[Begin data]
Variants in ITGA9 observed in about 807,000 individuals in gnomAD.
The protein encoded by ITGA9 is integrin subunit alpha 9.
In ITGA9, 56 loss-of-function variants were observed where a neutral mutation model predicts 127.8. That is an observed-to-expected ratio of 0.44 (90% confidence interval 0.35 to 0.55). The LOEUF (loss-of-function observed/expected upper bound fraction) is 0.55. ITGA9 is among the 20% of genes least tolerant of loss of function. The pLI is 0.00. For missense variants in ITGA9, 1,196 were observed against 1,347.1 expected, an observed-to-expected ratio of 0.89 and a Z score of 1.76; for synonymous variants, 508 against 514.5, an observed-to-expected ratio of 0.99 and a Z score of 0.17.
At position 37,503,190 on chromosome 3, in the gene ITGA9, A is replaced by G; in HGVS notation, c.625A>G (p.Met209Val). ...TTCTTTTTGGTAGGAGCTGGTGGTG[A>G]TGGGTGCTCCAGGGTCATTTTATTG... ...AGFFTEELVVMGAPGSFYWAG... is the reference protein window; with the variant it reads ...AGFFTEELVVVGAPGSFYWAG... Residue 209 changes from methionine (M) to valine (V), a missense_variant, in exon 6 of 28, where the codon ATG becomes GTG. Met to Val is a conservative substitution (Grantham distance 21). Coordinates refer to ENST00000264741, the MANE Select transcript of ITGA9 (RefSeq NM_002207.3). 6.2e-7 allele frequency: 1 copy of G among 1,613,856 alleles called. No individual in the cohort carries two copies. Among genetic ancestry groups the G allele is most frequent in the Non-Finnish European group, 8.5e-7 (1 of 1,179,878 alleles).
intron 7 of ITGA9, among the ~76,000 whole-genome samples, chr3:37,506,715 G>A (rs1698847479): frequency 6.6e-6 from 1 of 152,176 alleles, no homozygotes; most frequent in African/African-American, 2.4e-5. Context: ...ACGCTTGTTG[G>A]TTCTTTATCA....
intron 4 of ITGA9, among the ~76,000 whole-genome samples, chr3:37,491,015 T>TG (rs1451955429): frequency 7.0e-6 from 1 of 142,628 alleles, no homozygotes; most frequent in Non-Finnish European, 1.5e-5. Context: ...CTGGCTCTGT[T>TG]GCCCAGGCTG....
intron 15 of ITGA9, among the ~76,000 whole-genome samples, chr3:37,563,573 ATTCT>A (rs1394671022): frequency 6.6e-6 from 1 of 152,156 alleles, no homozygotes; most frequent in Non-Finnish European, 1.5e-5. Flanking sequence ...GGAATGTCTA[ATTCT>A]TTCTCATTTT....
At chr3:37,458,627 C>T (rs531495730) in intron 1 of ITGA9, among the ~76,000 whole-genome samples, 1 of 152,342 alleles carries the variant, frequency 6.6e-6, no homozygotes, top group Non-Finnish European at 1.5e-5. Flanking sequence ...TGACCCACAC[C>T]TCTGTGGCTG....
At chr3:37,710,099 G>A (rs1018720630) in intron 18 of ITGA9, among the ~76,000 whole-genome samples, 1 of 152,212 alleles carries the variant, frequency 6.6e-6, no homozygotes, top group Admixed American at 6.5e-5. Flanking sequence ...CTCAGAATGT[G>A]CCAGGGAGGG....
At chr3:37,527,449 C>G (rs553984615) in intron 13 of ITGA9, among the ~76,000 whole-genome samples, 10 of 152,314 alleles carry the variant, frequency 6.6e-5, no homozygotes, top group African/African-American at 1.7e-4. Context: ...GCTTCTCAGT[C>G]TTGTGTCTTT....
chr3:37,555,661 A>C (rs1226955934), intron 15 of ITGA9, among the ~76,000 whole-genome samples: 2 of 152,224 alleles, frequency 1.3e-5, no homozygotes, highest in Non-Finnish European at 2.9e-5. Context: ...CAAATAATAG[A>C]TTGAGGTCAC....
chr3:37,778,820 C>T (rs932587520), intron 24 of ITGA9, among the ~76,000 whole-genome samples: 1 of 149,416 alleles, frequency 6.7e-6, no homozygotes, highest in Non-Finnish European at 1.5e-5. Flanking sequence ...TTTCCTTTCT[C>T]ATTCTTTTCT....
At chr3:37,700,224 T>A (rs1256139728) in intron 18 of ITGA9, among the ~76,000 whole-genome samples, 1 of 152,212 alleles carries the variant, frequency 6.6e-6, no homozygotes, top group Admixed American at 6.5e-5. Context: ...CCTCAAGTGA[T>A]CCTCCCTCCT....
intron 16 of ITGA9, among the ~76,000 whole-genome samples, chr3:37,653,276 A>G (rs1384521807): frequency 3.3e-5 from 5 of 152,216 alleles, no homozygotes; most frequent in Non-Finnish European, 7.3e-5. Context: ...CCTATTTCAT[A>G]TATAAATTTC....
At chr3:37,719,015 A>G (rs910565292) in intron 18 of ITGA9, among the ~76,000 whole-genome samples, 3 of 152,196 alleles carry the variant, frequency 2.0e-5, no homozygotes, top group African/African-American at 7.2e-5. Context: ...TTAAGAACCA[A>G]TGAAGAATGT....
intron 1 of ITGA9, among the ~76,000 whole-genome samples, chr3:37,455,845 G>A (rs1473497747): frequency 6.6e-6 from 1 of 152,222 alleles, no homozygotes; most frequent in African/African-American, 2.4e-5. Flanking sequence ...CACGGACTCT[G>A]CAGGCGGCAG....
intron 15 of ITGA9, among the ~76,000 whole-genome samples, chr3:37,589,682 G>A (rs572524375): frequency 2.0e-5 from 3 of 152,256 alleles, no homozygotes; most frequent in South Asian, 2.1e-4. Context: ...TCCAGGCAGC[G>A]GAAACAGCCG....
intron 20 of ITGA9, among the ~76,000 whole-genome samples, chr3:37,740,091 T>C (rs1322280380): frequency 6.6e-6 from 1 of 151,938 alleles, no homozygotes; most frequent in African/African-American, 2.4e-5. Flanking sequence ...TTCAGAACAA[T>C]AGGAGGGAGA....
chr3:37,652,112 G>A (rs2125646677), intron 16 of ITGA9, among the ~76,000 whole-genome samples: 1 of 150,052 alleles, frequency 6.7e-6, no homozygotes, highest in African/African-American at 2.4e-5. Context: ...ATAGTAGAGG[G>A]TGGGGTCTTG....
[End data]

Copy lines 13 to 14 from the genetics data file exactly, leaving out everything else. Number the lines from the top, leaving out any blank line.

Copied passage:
At chr3:37,700,224 T>A (rs1256139728) in intron 18 of ITGA9, among the ~76,000 whole-genome samples, 1 of 152,212 alleles carries the variant, frequency 6.6e-6, no homozygotes, top group Admixed American at 6.5e-5. Context: ...CCTCAAGTGA[T>A]CCTCCCTCCT....
intron 16 of ITGA9, among the ~76,000 whole-genome samples, chr3:37,653,276 A>G (rs1384521807): frequency 3.3e-5 from 5 of 152,216 alleles, no homozygotes; most frequent in Non-Finnish European, 7.3e-5. Context: ...CCTATTTCAT[A>G]TATAAATTTC....